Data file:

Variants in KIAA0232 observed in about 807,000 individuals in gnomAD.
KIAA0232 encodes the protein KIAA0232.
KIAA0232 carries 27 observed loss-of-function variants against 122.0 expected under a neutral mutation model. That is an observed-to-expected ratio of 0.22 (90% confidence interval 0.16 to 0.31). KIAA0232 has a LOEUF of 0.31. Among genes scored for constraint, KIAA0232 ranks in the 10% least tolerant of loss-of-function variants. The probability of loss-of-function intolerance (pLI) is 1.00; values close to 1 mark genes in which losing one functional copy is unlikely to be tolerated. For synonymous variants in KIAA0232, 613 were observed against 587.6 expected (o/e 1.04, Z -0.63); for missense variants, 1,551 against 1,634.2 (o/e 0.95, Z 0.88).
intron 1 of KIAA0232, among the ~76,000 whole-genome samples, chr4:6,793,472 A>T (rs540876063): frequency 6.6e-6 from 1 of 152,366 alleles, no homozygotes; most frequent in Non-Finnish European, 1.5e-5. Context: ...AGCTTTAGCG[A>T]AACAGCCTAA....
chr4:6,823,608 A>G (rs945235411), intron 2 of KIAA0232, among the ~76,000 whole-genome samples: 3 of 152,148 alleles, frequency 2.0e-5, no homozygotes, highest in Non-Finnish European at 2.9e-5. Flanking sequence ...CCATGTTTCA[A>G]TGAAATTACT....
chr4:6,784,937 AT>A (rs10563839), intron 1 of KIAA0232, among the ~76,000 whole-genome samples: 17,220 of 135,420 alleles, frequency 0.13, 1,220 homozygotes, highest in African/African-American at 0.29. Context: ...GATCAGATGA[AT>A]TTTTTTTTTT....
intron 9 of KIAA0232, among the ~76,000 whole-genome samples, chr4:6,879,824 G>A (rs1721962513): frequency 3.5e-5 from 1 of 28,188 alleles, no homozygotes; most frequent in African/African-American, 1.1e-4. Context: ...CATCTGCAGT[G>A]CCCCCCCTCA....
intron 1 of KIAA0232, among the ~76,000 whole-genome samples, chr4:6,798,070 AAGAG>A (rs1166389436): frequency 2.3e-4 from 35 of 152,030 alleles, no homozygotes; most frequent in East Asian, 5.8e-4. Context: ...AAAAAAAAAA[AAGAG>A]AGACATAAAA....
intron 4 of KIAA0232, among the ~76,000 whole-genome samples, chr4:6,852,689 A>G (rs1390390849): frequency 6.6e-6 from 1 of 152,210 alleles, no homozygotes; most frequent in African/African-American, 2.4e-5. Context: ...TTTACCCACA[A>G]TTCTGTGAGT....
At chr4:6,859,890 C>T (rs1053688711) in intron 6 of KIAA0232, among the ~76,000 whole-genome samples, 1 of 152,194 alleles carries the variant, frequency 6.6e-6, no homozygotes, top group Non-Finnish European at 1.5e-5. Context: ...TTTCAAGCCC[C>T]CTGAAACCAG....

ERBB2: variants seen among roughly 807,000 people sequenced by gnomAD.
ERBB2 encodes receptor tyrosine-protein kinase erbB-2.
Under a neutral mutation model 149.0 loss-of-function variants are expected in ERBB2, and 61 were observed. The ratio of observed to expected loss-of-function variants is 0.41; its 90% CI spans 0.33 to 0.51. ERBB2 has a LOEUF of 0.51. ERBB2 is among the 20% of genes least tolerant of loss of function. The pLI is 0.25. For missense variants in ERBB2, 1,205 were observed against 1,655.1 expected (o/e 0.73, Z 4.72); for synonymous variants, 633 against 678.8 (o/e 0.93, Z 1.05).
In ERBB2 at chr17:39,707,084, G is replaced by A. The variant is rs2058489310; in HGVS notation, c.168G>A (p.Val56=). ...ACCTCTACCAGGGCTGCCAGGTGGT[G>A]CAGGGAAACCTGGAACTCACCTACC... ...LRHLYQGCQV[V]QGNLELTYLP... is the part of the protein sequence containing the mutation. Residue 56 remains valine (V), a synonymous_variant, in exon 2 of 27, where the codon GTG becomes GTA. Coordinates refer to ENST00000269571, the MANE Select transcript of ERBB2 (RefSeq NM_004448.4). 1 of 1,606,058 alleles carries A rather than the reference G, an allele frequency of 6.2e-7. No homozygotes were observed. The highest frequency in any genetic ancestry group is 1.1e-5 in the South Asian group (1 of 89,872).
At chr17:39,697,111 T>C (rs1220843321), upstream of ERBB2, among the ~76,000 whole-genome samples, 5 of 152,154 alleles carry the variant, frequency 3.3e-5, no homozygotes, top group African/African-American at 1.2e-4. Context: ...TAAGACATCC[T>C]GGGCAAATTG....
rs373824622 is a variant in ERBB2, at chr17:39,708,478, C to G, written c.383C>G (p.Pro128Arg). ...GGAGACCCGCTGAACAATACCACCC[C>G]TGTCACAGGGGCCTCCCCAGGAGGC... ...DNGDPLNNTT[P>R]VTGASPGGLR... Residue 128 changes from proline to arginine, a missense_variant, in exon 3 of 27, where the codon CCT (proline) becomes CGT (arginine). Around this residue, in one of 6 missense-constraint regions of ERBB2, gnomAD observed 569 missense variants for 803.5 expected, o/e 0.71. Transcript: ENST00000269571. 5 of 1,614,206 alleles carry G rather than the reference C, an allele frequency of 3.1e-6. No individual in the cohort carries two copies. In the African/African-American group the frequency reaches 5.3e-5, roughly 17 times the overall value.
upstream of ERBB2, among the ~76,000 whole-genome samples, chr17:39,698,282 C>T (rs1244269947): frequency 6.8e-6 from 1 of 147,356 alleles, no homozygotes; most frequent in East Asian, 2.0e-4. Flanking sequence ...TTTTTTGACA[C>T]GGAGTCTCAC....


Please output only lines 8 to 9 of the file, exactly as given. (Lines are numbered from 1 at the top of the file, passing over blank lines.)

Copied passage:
intron 1 of KIAA0232, among the ~76,000 whole-genome samples, chr4:6,798,070 AAGAG>A (rs1166389436): frequency 2.3e-4 from 35 of 152,030 alleles, no homozygotes; most frequent in East Asian, 5.8e-4. Context: ...AAAAAAAAAA[AAGAG>A]AGACATAAAA....
intron 4 of KIAA0232, among the ~76,000 whole-genome samples, chr4:6,852,689 A>G (rs1390390849): frequency 6.6e-6 from 1 of 152,210 alleles, no homozygotes; most frequent in African/African-American, 2.4e-5. Context: ...TTTACCCACA[A>G]TTCTGTGAGT....